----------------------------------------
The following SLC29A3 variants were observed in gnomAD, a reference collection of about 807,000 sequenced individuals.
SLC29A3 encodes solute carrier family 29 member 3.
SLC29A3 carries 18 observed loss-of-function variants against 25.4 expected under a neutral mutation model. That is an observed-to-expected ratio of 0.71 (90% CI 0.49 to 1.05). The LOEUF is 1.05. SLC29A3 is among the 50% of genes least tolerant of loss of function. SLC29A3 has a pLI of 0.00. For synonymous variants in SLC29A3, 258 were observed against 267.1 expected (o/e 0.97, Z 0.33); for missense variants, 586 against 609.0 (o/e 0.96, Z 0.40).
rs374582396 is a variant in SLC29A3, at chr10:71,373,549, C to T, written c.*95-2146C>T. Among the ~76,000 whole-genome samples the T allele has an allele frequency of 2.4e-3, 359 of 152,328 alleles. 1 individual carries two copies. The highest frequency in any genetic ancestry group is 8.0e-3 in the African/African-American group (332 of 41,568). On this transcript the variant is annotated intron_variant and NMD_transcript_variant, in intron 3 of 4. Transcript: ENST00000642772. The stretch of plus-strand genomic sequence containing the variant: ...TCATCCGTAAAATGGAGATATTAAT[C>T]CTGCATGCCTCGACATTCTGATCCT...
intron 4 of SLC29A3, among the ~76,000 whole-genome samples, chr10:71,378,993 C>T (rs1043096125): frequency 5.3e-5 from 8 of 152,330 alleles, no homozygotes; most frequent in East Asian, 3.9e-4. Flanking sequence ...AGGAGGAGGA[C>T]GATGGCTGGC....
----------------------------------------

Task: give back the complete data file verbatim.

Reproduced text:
The following SLC29A3 variants were observed in gnomAD, a reference collection of about 807,000 sequenced individuals.
SLC29A3 encodes solute carrier family 29 member 3.
SLC29A3 carries 18 observed loss-of-function variants against 25.4 expected under a neutral mutation model. That is an observed-to-expected ratio of 0.71 (90% CI 0.49 to 1.05). The LOEUF is 1.05. SLC29A3 is among the 50% of genes least tolerant of loss of function. SLC29A3 has a pLI of 0.00. For synonymous variants in SLC29A3, 258 were observed against 267.1 expected (o/e 0.97, Z 0.33); for missense variants, 586 against 609.0 (o/e 0.96, Z 0.40).
rs374582396 is a variant in SLC29A3, at chr10:71,373,549, C to T, written c.*95-2146C>T. Among the ~76,000 whole-genome samples the T allele has an allele frequency of 2.4e-3, 359 of 152,328 alleles. 1 individual carries two copies. The highest frequency in any genetic ancestry group is 8.0e-3 in the African/African-American group (332 of 41,568). On this transcript the variant is annotated intron_variant and NMD_transcript_variant, in intron 3 of 4. Transcript: ENST00000642772. The stretch of plus-strand genomic sequence containing the variant: ...TCATCCGTAAAATGGAGATATTAAT[C>T]CTGCATGCCTCGACATTCTGATCCT...
intron 4 of SLC29A3, among the ~76,000 whole-genome samples, chr10:71,378,993 C>T (rs1043096125): frequency 5.3e-5 from 8 of 152,330 alleles, no homozygotes; most frequent in East Asian, 3.9e-4. Flanking sequence ...AGGAGGAGGA[C>T]GATGGCTGGC....